Microbiota, host and dietary metabolites/signals compose the rich gut chemical environment, which profoundly impacts virulence of enteric pathogens. Enterohemorrhagic Escherichia coli (EHEC) engages a syringe-like machinery named type-III secretion system (T3SS) to inject effectors within host cells that lead to intestinal colonization and disease. We previously conducted a high-throughput screen to identify metabolic pathways that affect T3SS expression. Here we show that in the presence of arginine, the arginine sensor ArgR, identified through this screen, directly activates expression of the genes encoding the T3SS. Exogenously added arginine induces EHEC virulence gene expression in vitro. Congruently, a mutant deficient in arginine transport (PartP) had decreased virulence gene expression. ArgR also augments murine disease caused by Citrobacter rodentium, which is a murine pathogen extensively employed as a surrogate animal model for EHEC. The source of arginine sensed by C. rodentium is not dietary. At the peak of C. rodentium infection, increased arginine concentration in the colon correlated with down-regulation of the host SLC7A2 transporter. This increase in the concentration of colonic arginine promotes virulence gene expression in C. rodentium. Arginine is an important modulator of the host immune response to pathogens. Here we add that arginine also directly impacts bacterial virulence. These findings suggest that a delicate balance between host and pathogen responses to arginine occur during disease progression.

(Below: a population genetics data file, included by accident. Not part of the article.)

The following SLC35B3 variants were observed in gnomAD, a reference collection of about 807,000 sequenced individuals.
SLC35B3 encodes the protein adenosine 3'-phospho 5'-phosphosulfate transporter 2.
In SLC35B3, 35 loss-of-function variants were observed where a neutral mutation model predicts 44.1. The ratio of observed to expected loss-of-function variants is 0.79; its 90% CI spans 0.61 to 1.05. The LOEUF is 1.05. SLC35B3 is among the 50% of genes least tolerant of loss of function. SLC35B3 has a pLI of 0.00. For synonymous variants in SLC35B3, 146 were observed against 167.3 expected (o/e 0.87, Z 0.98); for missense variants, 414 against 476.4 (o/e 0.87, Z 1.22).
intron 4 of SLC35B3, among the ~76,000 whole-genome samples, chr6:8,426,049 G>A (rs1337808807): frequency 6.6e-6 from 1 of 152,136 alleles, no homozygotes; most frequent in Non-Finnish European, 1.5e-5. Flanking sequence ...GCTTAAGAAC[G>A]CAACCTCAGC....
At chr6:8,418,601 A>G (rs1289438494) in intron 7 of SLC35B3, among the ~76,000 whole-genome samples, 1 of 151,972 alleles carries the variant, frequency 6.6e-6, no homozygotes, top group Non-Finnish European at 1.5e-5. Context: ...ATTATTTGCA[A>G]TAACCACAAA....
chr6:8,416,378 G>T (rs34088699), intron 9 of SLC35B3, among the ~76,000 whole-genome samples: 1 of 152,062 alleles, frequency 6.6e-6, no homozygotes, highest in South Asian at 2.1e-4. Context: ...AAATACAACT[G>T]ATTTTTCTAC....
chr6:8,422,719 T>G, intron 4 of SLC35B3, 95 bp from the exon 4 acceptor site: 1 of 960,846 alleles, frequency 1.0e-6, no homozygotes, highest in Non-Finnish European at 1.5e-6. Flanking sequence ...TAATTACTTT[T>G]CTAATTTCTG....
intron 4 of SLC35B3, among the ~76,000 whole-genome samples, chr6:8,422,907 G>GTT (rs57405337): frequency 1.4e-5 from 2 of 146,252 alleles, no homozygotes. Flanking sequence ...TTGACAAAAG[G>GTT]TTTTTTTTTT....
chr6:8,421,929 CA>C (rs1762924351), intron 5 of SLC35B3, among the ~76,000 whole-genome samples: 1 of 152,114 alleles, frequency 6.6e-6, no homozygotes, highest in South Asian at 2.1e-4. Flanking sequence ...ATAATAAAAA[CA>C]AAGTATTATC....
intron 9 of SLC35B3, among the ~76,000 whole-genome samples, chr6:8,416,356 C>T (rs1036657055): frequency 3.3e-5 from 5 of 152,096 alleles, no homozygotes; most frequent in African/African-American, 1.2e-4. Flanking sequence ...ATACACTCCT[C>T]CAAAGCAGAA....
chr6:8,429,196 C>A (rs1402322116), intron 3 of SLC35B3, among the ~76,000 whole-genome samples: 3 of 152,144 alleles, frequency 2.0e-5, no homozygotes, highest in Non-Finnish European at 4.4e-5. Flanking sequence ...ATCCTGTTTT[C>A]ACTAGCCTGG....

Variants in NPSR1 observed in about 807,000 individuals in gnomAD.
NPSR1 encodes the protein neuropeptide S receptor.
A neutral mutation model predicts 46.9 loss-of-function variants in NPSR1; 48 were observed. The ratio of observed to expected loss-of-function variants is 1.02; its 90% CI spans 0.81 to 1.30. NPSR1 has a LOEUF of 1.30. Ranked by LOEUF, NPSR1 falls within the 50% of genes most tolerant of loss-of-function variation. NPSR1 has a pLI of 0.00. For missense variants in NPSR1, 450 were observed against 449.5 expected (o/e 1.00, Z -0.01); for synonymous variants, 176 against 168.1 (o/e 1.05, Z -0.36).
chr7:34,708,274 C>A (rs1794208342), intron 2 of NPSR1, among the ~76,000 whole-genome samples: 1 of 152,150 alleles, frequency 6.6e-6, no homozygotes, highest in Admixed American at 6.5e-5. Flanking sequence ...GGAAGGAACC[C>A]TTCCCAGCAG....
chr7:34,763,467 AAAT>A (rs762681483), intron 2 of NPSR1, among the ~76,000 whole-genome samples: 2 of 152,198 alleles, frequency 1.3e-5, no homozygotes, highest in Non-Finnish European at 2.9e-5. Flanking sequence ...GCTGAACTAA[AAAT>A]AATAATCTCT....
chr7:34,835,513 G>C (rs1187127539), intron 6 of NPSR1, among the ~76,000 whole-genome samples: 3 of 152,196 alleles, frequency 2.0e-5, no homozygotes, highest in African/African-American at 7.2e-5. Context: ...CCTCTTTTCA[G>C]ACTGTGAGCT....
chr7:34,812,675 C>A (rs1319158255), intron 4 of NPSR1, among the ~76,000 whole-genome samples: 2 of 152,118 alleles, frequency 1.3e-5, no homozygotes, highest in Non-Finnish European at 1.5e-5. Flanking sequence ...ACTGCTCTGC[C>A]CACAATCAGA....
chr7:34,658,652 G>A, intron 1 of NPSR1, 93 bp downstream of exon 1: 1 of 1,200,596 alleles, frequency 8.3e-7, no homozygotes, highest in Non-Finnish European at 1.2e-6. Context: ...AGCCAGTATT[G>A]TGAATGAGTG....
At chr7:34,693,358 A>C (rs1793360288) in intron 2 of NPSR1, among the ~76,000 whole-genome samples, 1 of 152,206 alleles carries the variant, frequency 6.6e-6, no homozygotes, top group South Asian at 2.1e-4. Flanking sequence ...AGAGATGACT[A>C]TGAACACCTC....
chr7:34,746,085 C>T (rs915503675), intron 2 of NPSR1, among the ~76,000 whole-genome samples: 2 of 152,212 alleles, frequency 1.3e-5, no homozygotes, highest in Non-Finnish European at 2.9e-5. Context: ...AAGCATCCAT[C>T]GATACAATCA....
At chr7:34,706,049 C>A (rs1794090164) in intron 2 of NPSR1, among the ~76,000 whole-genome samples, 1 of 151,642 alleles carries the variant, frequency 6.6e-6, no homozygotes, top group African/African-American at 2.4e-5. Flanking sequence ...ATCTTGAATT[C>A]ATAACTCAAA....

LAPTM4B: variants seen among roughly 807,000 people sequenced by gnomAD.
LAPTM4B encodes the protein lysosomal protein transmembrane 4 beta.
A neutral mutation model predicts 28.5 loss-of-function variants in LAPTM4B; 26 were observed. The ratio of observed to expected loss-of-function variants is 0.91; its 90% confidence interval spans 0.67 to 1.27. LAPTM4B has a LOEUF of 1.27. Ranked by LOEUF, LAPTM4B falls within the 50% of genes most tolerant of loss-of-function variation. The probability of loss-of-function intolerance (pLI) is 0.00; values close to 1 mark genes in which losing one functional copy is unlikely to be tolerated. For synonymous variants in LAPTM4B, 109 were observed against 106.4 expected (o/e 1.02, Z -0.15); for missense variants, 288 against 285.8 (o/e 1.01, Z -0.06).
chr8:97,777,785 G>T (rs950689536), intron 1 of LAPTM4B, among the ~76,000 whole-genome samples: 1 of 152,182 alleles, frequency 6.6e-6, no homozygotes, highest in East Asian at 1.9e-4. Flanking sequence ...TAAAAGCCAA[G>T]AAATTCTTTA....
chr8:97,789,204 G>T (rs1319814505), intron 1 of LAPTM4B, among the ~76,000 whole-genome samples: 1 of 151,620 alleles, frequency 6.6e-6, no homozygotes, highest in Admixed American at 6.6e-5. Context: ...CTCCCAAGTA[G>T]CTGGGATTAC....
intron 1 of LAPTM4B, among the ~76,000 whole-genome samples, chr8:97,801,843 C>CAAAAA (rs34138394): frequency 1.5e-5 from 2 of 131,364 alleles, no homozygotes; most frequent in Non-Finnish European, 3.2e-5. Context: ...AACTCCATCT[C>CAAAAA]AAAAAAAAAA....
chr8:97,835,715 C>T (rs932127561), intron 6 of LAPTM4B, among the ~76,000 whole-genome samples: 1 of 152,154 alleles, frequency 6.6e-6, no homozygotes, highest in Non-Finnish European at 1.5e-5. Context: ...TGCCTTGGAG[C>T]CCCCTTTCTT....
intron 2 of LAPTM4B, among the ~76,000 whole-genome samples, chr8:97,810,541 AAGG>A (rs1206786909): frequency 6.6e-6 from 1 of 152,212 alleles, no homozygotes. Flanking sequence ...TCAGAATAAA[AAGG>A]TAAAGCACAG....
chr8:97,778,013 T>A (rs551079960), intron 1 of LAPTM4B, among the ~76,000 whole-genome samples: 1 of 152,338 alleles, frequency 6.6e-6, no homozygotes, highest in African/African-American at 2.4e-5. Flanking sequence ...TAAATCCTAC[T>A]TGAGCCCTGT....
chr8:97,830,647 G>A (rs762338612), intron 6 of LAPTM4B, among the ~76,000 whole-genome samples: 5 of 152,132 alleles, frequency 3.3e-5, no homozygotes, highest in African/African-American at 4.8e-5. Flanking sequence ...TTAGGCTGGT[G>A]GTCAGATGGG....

|Original language||English (US)|
|Number of pages||7|
|Journal||Proceedings of the National Academy of Sciences of the United States of America|
|State||Published - Jun 2 2020|
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